Sunday, July 12, 2015

Young and Restless

2 Sam 6: 1-2, 13-23

David again gathered all the chosen men of Israel, thirty thousand David and all the people with him set out and went from Baale-judah, to bring up from there the ark of God, which is called by the name of the Lord of hosts who is enthroned on the cherubim.

13 and when those who bore the ark of the Lord had gone six paces, he sacrificed an ox and a fatling. 14 David danced before the Lord with all his might; David was girded with a linen ephod. 15 So David and all the house of Israel brought up the ark of the Lord with shouting, and with the sound of the trumpet.David again gathered all the chosen men of Israel, thirty thousand As the ark of the Lord came into the city of David, Michal daughter of Saul looked out of the window, and saw King David leaping and dancing before the Lord; and she despised him in her heart.

17 They brought in the ark of the Lord, and set it in its place, inside the tent that David had pitched for it; and David offered burnt offerings and offerings of well-being before the Lord. 18 When David had finished offering the burnt offerings and the offerings of well-being, he blessed the people in the name of the Lord of hosts, 19 and distributed food among all the people, the whole multitude of Israel, both men and women, to each a cake of bread, a portion of meat,[g] and a cake of raisins. Then all the people went back to their homes.

20 David returned to bless his household. But Michal the daughter of Saul came out to meet David, and said, “How the king of Israel honored himself today, uncovering himself today before the eyes of his servants’ maids, as any vulgar fellow might shamelessly uncover himself!” 21 David said to Michal, “It was before the Lord, who chose me in place of your father and all his household, to appoint me as prince over Israel, the people of the Lord, that I have danced before the Lord. 22 I will make myself yet more contemptible than this, and I will be abased in my own eyes; but by the maids of whom you have spoken, by them I shall be held in honor.” 23 And Michal the daughter of Saul had no child to the day of her death.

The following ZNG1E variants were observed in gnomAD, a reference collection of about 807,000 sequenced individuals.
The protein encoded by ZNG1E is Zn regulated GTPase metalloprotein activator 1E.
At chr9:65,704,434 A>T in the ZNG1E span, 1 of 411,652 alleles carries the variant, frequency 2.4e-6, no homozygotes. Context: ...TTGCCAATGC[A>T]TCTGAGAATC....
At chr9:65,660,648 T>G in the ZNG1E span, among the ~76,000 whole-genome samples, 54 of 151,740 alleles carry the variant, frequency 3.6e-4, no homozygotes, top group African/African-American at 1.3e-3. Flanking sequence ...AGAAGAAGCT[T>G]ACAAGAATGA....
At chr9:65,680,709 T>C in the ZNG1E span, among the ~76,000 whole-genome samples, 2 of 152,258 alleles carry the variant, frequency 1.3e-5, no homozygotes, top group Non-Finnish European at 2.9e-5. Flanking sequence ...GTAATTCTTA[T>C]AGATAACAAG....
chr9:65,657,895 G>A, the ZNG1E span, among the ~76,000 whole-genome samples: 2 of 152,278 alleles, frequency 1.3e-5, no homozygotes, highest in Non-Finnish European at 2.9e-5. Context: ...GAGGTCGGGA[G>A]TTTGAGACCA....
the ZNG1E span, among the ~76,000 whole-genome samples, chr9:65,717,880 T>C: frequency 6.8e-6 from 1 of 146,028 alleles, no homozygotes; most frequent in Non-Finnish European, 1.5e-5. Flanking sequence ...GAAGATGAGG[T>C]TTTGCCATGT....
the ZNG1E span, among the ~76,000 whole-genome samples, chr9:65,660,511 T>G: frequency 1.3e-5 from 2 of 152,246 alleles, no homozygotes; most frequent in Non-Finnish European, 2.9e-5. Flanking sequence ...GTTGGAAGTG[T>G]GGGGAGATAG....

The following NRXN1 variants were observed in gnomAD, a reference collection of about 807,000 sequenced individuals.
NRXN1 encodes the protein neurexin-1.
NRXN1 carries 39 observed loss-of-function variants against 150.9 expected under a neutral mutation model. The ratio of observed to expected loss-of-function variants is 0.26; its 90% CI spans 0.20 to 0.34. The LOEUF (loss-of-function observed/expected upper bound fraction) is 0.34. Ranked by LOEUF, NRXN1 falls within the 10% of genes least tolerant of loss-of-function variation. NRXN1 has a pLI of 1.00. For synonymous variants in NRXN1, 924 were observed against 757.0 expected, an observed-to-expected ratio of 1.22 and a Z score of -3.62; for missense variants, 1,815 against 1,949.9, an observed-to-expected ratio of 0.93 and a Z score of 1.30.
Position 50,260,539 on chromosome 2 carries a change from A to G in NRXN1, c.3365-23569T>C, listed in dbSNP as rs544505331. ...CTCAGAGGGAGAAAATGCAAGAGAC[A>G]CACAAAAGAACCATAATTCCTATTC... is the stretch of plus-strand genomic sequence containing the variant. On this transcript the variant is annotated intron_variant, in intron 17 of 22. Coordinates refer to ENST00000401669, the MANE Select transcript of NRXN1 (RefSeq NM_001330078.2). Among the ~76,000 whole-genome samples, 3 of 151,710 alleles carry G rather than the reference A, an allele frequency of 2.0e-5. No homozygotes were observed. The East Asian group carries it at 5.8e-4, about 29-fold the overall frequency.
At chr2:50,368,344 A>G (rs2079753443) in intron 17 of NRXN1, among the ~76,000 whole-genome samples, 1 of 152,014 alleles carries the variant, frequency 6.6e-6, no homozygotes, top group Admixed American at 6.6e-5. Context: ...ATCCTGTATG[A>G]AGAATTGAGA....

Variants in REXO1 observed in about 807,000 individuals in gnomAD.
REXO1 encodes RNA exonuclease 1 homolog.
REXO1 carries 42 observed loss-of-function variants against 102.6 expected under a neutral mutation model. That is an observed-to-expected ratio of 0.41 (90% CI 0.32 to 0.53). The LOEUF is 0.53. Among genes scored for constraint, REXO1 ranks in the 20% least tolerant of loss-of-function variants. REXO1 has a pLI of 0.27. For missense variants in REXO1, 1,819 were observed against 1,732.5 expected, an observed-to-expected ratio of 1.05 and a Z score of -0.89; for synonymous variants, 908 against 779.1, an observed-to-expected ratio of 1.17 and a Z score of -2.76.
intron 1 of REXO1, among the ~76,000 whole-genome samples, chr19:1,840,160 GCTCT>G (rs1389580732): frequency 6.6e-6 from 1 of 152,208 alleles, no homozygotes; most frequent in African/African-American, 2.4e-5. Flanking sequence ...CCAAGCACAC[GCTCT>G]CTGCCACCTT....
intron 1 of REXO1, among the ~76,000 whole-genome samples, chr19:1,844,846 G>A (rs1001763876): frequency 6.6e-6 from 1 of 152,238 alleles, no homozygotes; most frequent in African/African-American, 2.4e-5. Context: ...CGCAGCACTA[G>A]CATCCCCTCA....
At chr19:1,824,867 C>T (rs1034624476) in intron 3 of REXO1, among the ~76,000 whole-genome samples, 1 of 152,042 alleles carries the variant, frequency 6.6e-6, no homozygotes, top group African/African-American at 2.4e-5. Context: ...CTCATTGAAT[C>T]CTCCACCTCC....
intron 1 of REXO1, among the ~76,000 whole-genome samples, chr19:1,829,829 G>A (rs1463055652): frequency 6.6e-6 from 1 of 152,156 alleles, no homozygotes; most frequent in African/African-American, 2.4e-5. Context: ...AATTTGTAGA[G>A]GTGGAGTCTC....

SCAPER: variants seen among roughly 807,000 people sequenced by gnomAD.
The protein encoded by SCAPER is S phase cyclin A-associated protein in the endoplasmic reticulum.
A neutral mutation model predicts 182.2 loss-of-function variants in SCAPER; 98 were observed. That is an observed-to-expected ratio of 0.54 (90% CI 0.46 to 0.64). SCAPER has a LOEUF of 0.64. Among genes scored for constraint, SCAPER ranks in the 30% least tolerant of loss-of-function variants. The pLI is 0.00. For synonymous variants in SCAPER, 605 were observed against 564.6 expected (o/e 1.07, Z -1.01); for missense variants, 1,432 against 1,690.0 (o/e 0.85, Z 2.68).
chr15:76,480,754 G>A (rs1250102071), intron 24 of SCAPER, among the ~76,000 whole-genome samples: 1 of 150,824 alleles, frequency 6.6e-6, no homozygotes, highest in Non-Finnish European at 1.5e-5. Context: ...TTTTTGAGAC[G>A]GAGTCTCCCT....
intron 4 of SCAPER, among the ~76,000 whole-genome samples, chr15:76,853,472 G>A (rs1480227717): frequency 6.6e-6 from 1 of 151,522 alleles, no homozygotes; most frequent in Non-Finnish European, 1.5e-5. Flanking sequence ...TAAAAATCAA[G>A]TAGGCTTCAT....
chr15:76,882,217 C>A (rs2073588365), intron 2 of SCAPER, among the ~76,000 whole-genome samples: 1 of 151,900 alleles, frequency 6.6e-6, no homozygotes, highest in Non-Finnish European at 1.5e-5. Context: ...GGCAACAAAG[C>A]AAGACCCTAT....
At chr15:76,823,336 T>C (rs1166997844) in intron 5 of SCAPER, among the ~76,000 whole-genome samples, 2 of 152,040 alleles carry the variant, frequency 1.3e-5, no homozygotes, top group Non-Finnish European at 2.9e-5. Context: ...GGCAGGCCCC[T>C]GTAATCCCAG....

Luke 18:9-14

Parable of the Pharisee and the Tax Collector
9 He also told this parable to some who trusted in themselves that they were righteous and regarded others with contempt: 10 “Two men went up to the temple to pray, one a Pharisee and the other a tax collector. 11 The Pharisee, standing by himself, was praying thus, ‘God, I thank you that I am not like other people: thieves, rogues, adulterers, or even like this tax collector. 12 I fast twice a week; I give a tenth of all my income.’ 13 But the tax collector, standing far off, would not even look up to heaven, but was beating his breast and saying, ‘God, be merciful to me, a sinner!’ 14 I tell you, this man went down to his home justified rather than the other; for all who exalt themselves will be humbled, but all who humble themselves will be exalted.”

Ah to be young and restless. To be ambitious and confident. To be heading into the future with joy and excitement…

The scriptures about the rise of King David have all the intrigue and romance of a soap opera or a novella or a what my grandmother would call a story, but what unfolds is God’s word to us.  In the David stories we find holiness and sin, right and wrong.  We also find things that challenge our understanding of God. Today’s episode gives us important lessons in how we treat others. We learn that contempt destroys relationships.

As we begin the summer sermon series on the life of Kind David, we have to know some of the people. First, we have David, our hero or leading man. We also have Michal, the daughter of King Saul and David’s first wife.  We can think of her as a princess and maybe even a queen, though the Bible never calls her that.

Michal was totally smitten with David. Everyone was. The Bible says Michal's father King Saul loved David greatly and her brother Jonathon loved David as his own soul. David, the handsome young warrior in the royal court was the talk of the town. He was a little bit of everything--a warrior and a poet. A lover and a leader.  He had charisma and charm and everybody seemed to adore him.

Remember young love? Remember how those junior high crushes would just consume you? Remember how you knew that so and so would walk down a particular hallway between 3rd and 4th period and you would manage to be there to get a glimpse of him or her even though your class was in a different part of the school? Remember how your heart would thud and your mouth would go dry? Remember how much you wanted to be cool and say something but instead you just walked past?